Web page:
“Our dreams are a second life.” ~Gerard de Nerval
By Buttercup Thursday.
“I’ve always dreamed of creating immersive works,” Ronda Saunders says in her exhibit notes, and after four years as an erotic/surrealist Second Life photographer, Roni is now showing her first immersive installation, called Eyeworld. You can see both the passion and the patience in this exhibit… it is beautiful, and carefully crafted. Tall mushroom-like forms grow in this dream landscape, and the strange inhabitants for whom the world was named, the eyes, dart around skittishly. It is organic, surreal, full of movement. Ronda has adapted a very large free-form installation into the confines (generous confines, but confines) of the Nitroglobus gallery space, and done a splendid job.
Tour the installation by clicking on one of the ‘shrooms, and go on a trippy flight through the exhibit, or walk the path like a civilized human being… immerse yourself happily in the rhythms of Eyeworld, or wake up screaming when the dream becomes a nightmare. I admit I easily became the immerser, and not the screamer.
You can corner Ronda, pin her to the ground, demand to know what it all means – but she won’t tell you. She works from the gut, not the brain, and insists her work has no meaning except what you, the viewer, interprets. What do I think? Well, I feel that the reductive quality of the figurative-narrative line-space matrix notates the exploration of montage elements. (Just kidding, got that from an online review generator, which I plan to exploit from now on.)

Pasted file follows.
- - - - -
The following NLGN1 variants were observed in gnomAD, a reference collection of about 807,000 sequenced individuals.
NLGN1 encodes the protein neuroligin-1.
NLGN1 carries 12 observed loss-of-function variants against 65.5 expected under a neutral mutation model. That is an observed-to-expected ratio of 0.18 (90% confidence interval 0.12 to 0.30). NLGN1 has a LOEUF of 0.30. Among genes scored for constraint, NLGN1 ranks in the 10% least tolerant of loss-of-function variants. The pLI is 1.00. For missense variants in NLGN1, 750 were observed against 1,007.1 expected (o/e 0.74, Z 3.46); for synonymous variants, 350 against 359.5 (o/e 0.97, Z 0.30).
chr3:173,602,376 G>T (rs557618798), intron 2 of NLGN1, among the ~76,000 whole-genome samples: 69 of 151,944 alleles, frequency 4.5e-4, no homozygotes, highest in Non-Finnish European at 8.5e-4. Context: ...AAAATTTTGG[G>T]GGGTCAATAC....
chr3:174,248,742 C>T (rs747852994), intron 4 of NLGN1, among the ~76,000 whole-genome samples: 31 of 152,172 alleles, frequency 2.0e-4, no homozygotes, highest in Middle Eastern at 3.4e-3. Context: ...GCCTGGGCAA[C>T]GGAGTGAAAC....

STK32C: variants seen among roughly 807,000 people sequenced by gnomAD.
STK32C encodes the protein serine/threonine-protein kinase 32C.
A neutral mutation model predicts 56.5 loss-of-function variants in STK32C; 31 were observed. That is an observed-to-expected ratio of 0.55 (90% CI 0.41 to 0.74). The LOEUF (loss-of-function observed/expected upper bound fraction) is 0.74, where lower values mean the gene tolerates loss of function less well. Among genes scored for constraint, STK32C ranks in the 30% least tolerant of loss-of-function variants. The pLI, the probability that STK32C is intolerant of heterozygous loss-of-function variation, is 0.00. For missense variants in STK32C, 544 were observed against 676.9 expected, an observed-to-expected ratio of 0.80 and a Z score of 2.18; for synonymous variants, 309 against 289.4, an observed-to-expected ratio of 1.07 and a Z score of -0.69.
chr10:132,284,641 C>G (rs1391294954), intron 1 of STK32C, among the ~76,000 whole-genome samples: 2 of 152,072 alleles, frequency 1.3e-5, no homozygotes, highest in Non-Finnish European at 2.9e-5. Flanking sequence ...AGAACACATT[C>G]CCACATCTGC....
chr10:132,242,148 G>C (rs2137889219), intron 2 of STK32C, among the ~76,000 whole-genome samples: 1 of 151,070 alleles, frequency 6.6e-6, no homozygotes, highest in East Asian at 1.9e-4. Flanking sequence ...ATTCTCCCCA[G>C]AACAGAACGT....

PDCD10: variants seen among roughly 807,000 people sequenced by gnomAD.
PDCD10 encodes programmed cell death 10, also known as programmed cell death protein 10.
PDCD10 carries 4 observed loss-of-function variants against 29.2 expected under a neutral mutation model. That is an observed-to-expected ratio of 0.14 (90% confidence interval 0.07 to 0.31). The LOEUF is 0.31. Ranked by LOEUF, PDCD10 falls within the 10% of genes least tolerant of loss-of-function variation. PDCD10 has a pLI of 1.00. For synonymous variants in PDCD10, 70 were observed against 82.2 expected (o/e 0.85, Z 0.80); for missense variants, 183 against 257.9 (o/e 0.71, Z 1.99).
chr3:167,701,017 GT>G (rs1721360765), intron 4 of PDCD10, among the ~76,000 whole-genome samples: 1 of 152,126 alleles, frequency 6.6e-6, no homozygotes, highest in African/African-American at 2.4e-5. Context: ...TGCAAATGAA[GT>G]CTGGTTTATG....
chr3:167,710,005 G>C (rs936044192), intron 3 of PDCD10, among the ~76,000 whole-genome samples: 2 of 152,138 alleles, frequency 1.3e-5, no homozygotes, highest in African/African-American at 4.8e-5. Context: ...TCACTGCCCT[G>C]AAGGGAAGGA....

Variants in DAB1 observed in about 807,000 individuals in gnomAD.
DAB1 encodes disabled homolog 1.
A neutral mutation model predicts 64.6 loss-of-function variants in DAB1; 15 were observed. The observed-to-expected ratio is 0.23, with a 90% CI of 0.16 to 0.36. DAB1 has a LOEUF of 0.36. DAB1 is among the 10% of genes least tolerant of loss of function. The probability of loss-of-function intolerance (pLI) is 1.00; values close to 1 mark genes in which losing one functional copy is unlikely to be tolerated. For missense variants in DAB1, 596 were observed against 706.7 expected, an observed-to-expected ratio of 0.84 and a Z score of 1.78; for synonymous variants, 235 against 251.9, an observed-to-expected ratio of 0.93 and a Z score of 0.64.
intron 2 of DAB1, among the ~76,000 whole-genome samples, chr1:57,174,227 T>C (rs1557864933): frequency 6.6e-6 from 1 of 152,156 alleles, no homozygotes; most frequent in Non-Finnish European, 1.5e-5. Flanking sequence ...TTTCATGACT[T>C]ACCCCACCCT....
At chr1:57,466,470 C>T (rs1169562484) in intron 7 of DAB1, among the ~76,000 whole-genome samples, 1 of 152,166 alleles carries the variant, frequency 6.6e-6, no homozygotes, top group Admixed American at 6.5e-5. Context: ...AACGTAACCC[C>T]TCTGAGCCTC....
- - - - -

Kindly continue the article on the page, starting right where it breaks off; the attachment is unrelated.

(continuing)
Ronda calls Eyeworld a “glimpse of a parallel reality”– this is a path many Second Life artists explore, because of the limitless possibilities of this world, and in this case the work is fresh and unpretentious, fearless but at the same time personal. Ronda the artist lives here, this is a glimpse into a slice of her own parallel reality.
My pictures don’t do Ronda’s Eyeworld justice. Visit for yourself and see if you are a dreamer or a screamer, at the Nitroglobus Gallery, until mid -March.
Photographs above: Buttercup Thursday
Main page photograph, and below, by Ronda Saunders.
For slum magazine.